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'Frog Day' at Condon Work Center



Kem Trice, left, scoops up a fron while Jenny Trice, Callie Trice and Jesse Stevenson wait anxiously for the capture. S. Vernon photo

 

 

 

 

 




 

 

Jenny Trice tries her hand at scooping up tadpoles at a Swan Valley pond during Frod Day last week. S. Vernon photo

 

 

 

 


by Suzanne Vernon
For the Pathfinder
June 18, 1998


More than thirty people donned their hip waders and rubber boots and headed for local swamps and ponds last week to look for frogs, toads, salamanders, snakes and turtles.

It was Frog Day at the Condon Work Center, an event sponsored by the Flathead National Forest and the Swan Ecosystem Management and Learning Center. Fisheries biologist Beth Gardner was in charge of activities.

"It was very successful," Gardner said, explaining that volunteers scouted nearly 30 ponds and counted lots of spotted frogs and garter snakes, and lesser amounts of chorus frogs, black toads and long-toed salamanders. "It was data that I wanted to see," she said.

The last time the Forest Service held a Frog Day in the Swan was in 1995. Biologists nationwide have been gathering information about amphibians and reptiles in response to scientific reports of declining populations of frogs and toads.

Garnder mentioned that volunteers found very few toads during last week's outing.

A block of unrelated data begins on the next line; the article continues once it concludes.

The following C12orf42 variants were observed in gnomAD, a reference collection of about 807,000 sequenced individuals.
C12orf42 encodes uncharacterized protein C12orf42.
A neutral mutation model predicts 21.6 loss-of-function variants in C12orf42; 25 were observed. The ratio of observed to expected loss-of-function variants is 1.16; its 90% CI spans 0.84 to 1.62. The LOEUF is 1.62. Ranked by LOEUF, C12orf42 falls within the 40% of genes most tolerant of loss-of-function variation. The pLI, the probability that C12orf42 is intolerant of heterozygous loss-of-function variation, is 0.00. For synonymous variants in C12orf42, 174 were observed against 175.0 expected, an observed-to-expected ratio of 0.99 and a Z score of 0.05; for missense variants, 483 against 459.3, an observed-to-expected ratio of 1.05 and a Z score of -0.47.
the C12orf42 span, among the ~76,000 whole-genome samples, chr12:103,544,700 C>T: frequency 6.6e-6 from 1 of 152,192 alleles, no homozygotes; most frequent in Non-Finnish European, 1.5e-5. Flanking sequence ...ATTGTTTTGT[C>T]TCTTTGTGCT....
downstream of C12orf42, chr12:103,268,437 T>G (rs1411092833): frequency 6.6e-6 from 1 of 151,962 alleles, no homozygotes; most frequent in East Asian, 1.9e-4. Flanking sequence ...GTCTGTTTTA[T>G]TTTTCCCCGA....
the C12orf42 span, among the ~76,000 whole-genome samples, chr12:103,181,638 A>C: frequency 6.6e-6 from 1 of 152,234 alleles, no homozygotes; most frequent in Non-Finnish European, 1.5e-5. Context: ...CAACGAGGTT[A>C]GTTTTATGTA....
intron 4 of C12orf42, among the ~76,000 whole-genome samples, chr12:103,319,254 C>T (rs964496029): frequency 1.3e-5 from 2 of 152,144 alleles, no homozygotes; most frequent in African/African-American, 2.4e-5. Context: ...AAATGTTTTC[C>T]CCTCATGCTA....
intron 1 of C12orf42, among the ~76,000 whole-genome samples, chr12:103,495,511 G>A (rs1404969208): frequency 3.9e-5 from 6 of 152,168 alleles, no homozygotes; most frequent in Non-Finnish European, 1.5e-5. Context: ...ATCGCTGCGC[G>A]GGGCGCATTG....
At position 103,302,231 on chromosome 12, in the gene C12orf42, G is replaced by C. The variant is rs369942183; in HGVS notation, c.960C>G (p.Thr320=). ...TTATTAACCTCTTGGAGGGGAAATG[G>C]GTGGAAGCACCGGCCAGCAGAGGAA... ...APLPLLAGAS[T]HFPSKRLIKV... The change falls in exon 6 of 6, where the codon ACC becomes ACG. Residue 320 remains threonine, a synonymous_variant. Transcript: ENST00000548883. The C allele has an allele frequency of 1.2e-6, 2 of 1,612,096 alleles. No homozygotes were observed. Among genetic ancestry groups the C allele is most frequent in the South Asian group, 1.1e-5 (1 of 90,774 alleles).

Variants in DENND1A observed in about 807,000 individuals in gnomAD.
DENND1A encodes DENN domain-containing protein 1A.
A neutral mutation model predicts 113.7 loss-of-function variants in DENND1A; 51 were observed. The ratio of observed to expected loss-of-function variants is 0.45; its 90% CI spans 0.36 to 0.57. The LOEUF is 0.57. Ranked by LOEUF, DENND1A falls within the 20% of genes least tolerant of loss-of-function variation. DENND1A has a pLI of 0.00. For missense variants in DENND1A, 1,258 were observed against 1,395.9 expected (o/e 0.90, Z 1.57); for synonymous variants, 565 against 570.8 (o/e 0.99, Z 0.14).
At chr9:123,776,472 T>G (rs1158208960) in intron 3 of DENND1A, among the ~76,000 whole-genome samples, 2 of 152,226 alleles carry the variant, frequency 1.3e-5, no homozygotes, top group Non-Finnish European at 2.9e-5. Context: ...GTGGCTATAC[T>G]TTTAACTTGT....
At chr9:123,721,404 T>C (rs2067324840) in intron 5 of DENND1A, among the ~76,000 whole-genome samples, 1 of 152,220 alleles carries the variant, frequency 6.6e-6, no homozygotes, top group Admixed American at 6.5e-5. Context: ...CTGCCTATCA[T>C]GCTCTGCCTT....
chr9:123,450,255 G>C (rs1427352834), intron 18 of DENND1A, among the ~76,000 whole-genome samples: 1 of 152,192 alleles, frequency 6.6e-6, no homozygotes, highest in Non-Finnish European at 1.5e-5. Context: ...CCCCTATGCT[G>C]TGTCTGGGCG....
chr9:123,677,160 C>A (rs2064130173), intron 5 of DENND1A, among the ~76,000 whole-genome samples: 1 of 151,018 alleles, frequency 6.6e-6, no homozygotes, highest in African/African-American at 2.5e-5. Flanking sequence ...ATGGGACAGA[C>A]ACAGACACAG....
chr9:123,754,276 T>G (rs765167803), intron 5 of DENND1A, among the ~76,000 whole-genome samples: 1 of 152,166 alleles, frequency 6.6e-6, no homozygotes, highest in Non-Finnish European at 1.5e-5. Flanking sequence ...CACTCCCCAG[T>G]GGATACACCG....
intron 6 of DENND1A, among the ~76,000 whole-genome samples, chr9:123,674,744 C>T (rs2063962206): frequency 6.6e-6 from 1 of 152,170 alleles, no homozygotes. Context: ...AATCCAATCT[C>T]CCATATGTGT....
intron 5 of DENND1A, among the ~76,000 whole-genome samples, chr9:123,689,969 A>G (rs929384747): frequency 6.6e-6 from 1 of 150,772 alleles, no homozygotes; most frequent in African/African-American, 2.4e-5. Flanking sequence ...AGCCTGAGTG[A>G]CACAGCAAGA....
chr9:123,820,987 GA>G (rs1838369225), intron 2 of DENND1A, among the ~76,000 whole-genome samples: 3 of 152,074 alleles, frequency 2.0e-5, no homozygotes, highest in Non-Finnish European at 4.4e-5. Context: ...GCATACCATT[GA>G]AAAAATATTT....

"That concerns me," she said.

Kerwin Werner, one of Montana's foremost experts on amphibians and a professor at Salish Kootenai College in the Mission Valley, helped count frogs near Condon this year. He told volunteers that scientists lack good information about Montana's amphibians and reptiles. "It's not a group that has been studied a lot," he said. Events such as Frog Day may help researchers better understand worldwide declines in frog and toad populations.

Black toads and leopard frogs are two species in Montana that concern scientists. The toads have been petitioned to be listed as a threatened species elsewhere in the U.S. Researchers are finding fewer and fewer black toads every year in western Montana.

Leopard frogs are also declining. Twenty five years ago leopard frogs were common throughout western Montana. In 1995 when Werner checked 28 sites where leopard frogs historically lived, he found the species in only one area.

Several school children participated in the recent Frog Day activities. Kem Trice, and her daughters Jenny, 8, and Callie, 6, found a few frogs and turtles when they explored ponds in the Cold Creek area.

"I want my kids to grow up learning about wildlife," Kem Trice said last week, adding that she wouldn't mind getting more involved with outdoor projects at the Swan Ecosystem Center at Condon. "I don't want my kids to be part of the problemI want them to be part of the solution," she said.

Her daughters learned how to tell the difference between chorus frogs and spotted frogs, even in the tadpole stage, during Frog Day activities. But there was one critter they didn't care to see. "I don't want to see a snake," young Callie Trice said, emphatically shaking her head. Her sister and mother agreed. Frog hunting is fun, they said, but they'd rather leave the snake hunting to the biologists.

 

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